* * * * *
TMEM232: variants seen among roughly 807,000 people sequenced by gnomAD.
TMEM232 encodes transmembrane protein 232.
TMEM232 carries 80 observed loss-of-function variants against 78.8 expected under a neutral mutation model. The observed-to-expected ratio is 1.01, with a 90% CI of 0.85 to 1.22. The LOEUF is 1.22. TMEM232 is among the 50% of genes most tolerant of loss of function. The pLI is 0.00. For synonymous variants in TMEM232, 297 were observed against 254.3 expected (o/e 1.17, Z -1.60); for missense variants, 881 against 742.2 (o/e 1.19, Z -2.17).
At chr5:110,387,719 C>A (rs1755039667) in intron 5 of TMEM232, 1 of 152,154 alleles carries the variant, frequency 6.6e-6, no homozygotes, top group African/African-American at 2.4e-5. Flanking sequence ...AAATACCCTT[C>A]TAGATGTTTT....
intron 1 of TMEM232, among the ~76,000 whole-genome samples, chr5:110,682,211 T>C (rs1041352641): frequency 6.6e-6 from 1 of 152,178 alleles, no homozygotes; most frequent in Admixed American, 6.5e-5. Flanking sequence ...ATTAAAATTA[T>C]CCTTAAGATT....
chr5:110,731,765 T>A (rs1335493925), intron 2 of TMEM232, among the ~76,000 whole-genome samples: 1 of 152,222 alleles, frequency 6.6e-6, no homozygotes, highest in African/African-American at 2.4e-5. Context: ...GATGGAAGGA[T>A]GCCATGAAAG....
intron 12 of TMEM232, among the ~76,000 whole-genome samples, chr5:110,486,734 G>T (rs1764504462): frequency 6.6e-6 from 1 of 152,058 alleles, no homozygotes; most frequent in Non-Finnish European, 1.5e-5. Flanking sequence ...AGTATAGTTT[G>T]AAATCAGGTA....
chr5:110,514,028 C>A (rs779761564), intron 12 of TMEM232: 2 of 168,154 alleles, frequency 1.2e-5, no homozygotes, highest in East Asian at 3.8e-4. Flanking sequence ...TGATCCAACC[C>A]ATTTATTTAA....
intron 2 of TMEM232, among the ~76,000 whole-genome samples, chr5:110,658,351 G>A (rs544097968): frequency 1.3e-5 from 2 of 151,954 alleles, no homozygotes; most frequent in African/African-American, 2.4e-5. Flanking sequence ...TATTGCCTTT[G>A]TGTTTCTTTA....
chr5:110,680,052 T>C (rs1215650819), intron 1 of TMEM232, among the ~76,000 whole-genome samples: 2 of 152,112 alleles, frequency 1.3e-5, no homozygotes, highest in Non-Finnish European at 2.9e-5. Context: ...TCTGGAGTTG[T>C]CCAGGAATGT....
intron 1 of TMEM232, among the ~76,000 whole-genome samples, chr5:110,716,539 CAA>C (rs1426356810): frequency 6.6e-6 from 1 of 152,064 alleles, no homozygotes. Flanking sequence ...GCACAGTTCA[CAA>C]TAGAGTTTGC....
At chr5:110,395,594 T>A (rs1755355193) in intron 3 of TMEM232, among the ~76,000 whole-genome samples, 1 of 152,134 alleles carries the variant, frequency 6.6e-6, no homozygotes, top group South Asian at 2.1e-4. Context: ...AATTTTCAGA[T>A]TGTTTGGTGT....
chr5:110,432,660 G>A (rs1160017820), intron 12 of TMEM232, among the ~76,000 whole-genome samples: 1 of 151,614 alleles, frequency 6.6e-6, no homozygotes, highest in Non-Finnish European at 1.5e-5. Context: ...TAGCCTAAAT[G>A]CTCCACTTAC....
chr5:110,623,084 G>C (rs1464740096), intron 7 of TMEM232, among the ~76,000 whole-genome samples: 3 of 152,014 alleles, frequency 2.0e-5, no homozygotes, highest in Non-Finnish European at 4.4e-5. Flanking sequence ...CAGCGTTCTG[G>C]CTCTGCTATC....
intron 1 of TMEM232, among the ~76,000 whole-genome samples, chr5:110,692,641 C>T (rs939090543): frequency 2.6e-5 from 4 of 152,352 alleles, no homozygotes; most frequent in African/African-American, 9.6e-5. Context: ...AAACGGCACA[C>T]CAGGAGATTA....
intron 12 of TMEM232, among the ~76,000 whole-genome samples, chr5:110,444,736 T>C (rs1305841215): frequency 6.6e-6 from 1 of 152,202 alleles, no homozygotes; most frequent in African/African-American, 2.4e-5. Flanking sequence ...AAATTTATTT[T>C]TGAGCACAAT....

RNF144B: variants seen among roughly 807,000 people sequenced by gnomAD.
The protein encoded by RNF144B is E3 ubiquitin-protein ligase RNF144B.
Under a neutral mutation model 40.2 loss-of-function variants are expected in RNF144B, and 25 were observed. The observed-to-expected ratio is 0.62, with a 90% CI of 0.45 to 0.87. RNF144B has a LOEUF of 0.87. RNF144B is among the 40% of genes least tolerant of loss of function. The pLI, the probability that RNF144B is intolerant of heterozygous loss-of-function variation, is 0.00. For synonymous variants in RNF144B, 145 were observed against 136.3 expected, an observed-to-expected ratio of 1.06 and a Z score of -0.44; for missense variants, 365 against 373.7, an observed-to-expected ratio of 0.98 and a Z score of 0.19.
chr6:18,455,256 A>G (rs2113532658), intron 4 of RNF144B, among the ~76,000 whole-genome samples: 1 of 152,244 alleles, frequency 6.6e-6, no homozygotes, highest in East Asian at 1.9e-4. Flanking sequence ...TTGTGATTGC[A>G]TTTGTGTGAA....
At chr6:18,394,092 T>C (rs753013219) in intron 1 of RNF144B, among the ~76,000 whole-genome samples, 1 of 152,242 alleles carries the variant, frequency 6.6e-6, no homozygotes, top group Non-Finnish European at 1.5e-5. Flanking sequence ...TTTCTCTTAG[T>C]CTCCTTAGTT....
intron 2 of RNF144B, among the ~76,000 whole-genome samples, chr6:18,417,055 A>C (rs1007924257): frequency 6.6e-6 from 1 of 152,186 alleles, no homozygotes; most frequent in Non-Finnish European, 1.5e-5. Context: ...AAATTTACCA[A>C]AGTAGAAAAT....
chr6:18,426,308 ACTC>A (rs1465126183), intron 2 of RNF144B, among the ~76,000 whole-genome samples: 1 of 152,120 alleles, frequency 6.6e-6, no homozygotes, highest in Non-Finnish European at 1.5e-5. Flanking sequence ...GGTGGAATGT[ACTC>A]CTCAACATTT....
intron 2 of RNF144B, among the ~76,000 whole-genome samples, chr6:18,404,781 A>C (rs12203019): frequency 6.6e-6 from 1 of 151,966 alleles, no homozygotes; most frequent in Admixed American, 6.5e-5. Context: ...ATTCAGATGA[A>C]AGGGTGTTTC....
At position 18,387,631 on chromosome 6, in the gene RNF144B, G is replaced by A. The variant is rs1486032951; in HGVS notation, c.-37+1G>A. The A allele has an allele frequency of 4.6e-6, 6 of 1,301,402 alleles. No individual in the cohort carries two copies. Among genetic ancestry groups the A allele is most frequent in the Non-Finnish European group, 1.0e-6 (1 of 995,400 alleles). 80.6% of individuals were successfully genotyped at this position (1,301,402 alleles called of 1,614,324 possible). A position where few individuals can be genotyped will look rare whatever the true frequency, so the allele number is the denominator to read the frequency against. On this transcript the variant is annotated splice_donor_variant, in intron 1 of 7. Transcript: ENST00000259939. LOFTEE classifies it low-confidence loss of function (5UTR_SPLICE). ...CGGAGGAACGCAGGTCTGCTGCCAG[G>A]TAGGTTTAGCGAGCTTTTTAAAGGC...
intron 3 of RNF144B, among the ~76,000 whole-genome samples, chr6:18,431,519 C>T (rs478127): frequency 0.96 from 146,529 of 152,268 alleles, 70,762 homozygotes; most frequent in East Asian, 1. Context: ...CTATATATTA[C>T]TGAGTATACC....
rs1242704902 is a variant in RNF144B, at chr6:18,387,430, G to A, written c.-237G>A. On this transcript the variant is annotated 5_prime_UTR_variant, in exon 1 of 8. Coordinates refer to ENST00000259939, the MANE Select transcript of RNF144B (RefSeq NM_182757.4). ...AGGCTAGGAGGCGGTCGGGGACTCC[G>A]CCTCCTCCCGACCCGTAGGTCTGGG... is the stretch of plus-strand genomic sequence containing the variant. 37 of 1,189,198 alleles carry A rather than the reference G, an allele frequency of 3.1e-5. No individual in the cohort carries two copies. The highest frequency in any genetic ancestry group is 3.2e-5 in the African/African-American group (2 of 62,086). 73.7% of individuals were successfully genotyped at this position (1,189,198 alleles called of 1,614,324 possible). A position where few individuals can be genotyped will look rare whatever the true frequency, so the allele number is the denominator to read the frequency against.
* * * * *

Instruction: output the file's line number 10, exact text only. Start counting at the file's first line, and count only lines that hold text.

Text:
chr5:110,680,052 T>C (rs1215650819), intron 1 of TMEM232, among the ~76,000 whole-genome samples: 2 of 152,112 alleles, frequency 1.3e-5, no homozygotes, highest in Non-Finnish European at 2.9e-5. Context: ...TCTGGAGTTG[T>C]CCAGGAATGT....